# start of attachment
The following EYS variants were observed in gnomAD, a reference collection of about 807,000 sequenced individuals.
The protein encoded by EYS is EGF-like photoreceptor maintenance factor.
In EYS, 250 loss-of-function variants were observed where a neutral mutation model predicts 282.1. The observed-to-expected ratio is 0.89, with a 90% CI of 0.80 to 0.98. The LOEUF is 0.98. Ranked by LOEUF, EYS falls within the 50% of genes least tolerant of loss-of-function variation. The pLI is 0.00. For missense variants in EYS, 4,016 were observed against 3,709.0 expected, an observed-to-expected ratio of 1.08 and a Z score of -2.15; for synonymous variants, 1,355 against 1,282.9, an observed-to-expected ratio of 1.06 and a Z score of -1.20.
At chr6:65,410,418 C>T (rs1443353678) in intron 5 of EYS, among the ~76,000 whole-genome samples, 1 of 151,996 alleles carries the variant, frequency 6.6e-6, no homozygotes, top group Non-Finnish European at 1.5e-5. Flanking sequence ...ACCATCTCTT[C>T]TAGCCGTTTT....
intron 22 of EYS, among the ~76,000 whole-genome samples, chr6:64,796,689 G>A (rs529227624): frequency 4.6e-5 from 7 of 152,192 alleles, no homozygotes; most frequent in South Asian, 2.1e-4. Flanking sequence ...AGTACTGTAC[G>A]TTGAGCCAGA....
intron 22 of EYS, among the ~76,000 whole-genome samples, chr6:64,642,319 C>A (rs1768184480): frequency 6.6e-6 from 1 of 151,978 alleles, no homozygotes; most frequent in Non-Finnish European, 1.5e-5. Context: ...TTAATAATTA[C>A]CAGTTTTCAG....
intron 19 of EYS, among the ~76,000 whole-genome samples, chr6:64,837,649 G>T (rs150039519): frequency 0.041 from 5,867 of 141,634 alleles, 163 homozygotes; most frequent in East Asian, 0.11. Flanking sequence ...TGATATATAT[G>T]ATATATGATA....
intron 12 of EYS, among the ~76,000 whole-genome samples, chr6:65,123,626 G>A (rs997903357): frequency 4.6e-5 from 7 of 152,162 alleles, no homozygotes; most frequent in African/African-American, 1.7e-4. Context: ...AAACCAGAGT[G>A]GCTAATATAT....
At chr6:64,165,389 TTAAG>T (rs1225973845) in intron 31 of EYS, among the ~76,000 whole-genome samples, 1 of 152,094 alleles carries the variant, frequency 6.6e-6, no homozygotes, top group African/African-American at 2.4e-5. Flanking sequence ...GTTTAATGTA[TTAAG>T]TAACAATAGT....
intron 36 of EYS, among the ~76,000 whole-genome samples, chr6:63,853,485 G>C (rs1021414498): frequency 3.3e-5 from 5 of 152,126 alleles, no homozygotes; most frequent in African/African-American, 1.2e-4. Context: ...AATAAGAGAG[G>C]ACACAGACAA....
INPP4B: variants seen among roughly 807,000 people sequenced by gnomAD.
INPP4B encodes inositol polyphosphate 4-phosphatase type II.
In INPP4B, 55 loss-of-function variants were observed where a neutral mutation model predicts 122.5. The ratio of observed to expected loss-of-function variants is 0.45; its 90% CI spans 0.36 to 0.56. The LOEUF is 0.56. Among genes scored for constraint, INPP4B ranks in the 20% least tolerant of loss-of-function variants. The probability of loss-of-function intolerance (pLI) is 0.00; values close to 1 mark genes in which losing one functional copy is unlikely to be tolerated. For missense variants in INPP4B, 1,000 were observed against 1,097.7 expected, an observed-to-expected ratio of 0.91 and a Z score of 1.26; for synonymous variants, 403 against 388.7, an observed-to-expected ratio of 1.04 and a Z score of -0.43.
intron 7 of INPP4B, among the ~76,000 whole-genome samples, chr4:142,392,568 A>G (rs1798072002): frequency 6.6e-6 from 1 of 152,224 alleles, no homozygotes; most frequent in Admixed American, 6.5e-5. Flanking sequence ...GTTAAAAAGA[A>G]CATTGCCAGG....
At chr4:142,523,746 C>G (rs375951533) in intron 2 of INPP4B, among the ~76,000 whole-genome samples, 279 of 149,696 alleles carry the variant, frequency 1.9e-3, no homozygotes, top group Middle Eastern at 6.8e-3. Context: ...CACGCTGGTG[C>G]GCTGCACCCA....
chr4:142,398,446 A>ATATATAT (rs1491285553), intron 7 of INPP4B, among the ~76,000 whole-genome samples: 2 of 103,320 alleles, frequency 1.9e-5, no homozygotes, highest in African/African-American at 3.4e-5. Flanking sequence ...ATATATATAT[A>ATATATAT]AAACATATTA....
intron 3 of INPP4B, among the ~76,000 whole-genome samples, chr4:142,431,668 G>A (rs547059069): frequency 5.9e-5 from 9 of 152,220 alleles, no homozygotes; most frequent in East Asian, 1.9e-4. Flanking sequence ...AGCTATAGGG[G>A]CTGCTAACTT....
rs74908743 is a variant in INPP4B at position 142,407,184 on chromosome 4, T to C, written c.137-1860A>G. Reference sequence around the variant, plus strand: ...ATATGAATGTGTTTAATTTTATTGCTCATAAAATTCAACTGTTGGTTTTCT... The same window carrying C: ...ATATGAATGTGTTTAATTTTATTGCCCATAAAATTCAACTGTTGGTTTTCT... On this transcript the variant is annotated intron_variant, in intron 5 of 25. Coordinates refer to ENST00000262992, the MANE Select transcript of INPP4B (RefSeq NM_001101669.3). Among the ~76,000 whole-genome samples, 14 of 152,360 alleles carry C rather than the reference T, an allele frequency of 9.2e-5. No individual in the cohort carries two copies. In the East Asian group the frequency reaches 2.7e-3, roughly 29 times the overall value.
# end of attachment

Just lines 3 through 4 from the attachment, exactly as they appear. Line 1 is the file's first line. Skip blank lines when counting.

In EYS, 250 loss-of-function variants were observed where a neutral mutation model predicts 282.1. The observed-to-expected ratio is 0.89, with a 90% CI of 0.80 to 0.98. The LOEUF is 0.98. Ranked by LOEUF, EYS falls within the 50% of genes least tolerant of loss-of-function variation. The pLI is 0.00. For missense variants in EYS, 4,016 were observed against 3,709.0 expected, an observed-to-expected ratio of 1.08 and a Z score of -2.15; for synonymous variants, 1,355 against 1,282.9, an observed-to-expected ratio of 1.06 and a Z score of -1.20.
At chr6:65,410,418 C>T (rs1443353678) in intron 5 of EYS, among the ~76,000 whole-genome samples, 1 of 151,996 alleles carries the variant, frequency 6.6e-6, no homozygotes, top group Non-Finnish European at 1.5e-5. Flanking sequence ...ACCATCTCTT[C>T]TAGCCGTTTT....